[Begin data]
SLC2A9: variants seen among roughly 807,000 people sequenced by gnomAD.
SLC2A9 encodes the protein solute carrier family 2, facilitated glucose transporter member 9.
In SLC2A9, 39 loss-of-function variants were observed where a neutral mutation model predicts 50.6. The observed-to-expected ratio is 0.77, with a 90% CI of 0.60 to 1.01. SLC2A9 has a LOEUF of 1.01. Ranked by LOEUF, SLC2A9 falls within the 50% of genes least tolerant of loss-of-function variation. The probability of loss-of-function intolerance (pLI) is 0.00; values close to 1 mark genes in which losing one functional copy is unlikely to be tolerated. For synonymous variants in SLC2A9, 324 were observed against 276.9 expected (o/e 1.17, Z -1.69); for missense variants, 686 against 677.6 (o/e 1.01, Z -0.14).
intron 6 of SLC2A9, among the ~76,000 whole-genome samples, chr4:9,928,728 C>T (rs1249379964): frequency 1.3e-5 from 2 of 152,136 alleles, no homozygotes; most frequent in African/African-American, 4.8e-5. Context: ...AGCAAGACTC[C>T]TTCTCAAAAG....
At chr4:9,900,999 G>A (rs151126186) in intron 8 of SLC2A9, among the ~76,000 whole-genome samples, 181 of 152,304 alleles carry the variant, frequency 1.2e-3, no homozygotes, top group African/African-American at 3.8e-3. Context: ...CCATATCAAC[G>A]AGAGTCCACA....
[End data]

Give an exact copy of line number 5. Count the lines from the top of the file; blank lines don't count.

At chr4:9,900,999 G>A (rs151126186) in intron 8 of SLC2A9, among the ~76,000 whole-genome samples, 181 of 152,304 alleles carry the variant, frequency 1.2e-3, no homozygotes, top group African/African-American at 3.8e-3. Context: ...CCATATCAAC[G>A]AGAGTCCACA....